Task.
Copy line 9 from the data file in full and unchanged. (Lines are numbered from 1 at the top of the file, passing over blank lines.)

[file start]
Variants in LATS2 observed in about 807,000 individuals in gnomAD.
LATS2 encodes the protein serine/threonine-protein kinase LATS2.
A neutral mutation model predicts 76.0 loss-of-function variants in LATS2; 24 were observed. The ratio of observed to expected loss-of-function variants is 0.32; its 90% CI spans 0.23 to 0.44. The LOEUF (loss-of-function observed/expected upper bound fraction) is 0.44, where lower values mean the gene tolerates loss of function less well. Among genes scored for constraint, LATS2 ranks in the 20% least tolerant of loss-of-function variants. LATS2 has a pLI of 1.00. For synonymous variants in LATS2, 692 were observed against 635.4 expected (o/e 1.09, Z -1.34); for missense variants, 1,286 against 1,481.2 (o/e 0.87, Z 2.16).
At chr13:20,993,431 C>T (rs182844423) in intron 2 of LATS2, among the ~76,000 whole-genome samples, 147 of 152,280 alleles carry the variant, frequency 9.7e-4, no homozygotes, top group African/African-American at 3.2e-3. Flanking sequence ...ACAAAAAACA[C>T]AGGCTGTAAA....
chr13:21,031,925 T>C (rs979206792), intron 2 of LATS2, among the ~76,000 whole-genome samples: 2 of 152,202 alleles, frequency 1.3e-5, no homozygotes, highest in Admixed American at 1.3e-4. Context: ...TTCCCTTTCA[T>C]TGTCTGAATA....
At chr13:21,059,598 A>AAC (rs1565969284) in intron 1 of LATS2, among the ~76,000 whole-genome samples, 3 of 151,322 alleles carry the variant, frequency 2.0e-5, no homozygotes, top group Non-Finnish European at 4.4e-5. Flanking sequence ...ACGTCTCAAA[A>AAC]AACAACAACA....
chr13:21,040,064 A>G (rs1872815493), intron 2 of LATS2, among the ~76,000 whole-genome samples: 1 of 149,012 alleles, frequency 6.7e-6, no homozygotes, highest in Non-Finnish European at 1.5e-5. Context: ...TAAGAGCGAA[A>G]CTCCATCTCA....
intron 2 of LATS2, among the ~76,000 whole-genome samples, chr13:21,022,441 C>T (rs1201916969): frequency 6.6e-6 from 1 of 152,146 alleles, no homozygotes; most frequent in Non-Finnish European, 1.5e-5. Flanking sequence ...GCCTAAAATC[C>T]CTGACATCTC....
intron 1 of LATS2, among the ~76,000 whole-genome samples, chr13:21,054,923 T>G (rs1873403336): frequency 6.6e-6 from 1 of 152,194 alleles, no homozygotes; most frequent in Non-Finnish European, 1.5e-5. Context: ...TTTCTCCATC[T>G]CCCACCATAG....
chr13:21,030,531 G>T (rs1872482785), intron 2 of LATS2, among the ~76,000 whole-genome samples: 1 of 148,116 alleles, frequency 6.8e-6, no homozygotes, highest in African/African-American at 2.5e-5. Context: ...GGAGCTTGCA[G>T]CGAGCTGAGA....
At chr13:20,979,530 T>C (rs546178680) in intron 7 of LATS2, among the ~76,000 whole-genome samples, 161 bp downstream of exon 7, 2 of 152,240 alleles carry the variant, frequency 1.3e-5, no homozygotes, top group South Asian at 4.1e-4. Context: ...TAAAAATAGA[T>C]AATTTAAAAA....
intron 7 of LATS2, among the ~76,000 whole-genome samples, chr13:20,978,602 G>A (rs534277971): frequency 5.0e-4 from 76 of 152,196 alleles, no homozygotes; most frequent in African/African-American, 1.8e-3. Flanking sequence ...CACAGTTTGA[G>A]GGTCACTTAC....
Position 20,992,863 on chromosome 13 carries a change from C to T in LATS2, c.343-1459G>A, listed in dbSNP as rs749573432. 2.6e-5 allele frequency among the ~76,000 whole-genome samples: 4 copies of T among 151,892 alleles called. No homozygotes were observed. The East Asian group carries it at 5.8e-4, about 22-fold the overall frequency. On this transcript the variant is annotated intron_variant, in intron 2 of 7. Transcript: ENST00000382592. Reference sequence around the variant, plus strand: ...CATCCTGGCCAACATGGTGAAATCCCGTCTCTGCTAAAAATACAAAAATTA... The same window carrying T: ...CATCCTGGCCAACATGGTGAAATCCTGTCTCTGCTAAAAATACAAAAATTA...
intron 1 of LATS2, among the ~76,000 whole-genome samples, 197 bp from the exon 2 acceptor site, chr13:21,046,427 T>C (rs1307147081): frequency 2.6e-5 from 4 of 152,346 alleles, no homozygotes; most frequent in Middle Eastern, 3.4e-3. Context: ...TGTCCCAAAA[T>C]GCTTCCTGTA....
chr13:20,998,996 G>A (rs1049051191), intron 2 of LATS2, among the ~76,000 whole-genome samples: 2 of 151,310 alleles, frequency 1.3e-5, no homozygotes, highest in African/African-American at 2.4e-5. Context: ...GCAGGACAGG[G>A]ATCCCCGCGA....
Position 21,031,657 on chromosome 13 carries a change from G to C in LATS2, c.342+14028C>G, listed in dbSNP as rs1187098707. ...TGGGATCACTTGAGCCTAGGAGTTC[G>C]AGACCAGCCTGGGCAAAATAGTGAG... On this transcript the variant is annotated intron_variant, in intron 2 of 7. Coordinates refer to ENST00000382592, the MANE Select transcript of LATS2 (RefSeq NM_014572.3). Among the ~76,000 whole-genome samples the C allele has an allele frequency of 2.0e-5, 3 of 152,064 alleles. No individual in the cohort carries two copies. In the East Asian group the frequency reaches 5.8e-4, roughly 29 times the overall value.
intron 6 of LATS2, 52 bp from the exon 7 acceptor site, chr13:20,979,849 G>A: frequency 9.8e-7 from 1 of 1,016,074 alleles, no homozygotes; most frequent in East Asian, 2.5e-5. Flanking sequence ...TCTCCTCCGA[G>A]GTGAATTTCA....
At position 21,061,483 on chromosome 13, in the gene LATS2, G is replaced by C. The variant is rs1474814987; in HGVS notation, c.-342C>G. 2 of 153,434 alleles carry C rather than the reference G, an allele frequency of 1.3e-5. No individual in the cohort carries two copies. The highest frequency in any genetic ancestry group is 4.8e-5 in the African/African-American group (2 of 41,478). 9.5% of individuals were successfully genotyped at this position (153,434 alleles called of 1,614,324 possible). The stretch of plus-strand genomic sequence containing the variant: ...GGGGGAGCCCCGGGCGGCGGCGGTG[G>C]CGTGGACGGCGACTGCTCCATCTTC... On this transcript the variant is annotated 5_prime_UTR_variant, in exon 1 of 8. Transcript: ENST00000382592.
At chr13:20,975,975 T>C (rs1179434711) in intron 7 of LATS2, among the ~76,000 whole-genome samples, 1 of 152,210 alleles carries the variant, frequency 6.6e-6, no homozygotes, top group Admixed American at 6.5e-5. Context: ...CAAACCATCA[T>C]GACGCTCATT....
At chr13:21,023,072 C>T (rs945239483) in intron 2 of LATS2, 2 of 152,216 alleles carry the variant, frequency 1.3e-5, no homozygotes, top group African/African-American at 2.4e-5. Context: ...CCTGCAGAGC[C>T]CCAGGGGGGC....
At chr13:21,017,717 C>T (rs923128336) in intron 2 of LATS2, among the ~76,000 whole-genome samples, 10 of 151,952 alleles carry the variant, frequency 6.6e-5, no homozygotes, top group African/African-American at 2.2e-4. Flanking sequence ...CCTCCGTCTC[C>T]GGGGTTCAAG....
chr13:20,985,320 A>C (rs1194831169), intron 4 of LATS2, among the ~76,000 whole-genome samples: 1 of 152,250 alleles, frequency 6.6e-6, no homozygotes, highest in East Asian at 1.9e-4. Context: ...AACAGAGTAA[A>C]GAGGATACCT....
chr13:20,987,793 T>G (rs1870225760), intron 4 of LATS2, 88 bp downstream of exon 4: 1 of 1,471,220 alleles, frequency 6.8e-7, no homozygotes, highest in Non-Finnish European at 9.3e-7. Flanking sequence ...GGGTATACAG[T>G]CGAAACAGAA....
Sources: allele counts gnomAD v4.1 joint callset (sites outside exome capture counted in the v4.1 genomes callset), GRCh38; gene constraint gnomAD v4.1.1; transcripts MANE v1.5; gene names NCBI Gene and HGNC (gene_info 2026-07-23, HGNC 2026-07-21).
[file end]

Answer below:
intron 1 of LATS2, among the ~76,000 whole-genome samples, chr13:21,054,923 T>G (rs1873403336): frequency 6.6e-6 from 1 of 152,194 alleles, no homozygotes; most frequent in Non-Finnish European, 1.5e-5. Context: ...TTTCTCCATC[T>G]CCCACCATAG....